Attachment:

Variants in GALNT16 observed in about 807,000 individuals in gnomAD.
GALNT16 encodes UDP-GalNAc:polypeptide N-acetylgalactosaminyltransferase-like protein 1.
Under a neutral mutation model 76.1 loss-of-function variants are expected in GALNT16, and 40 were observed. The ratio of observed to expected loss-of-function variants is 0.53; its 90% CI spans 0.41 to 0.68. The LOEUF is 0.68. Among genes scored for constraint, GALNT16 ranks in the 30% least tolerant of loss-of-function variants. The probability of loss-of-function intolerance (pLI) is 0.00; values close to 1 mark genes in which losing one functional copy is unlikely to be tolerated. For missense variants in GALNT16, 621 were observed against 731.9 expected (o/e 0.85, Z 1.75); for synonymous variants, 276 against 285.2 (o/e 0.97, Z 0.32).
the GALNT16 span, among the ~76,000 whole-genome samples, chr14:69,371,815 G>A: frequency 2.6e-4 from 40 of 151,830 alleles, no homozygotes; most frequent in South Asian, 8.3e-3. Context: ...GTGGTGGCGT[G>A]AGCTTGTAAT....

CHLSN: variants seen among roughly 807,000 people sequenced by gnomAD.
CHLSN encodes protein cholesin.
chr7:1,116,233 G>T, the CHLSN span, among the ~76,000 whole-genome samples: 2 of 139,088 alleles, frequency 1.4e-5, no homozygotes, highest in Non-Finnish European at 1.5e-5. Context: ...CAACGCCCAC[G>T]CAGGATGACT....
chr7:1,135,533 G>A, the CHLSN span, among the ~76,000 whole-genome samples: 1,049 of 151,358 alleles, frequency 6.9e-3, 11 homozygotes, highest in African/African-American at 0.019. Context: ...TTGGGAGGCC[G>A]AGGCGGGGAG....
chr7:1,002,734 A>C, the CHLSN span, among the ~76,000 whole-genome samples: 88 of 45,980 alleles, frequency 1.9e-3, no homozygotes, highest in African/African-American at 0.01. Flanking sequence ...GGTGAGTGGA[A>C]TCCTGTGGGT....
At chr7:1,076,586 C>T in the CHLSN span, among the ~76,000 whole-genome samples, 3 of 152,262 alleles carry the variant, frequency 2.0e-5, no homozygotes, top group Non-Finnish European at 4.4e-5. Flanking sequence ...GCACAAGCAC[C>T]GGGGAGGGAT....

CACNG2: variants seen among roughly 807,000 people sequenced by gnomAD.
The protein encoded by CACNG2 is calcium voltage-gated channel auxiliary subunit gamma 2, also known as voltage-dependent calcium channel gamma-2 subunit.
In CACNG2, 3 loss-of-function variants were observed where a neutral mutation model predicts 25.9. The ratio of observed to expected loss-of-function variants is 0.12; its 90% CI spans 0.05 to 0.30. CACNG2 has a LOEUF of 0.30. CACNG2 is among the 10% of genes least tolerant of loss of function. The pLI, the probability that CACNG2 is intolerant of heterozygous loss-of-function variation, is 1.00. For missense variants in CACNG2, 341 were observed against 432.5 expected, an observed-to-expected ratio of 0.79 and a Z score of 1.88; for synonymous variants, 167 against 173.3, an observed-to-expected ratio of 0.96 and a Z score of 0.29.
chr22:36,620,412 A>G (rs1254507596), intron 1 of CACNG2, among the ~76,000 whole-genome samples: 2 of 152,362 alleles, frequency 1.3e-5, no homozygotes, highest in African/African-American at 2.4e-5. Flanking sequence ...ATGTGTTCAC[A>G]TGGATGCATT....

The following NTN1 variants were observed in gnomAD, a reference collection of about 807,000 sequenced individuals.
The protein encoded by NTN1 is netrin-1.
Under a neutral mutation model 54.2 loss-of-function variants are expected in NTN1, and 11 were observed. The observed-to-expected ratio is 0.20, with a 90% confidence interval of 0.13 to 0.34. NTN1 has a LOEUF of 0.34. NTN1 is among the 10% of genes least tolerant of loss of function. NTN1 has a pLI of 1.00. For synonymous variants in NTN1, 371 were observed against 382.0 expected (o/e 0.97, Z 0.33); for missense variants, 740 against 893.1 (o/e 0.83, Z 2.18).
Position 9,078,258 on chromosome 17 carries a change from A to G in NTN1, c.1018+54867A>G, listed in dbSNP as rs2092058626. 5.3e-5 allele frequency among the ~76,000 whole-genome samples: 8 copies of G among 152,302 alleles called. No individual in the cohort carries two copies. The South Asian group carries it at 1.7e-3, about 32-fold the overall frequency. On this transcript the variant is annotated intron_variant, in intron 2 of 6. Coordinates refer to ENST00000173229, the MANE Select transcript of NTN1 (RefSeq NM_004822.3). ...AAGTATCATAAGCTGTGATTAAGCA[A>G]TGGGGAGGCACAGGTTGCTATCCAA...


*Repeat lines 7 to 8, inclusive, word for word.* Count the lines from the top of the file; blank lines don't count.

chr7:1,116,233 G>T, the CHLSN span, among the ~76,000 whole-genome samples: 2 of 139,088 alleles, frequency 1.4e-5, no homozygotes, highest in Non-Finnish European at 1.5e-5. Context: ...CAACGCCCAC[G>T]CAGGATGACT....
chr7:1,135,533 G>A, the CHLSN span, among the ~76,000 whole-genome samples: 1,049 of 151,358 alleles, frequency 6.9e-3, 11 homozygotes, highest in African/African-American at 0.019. Context: ...TTGGGAGGCC[G>A]AGGCGGGGAG....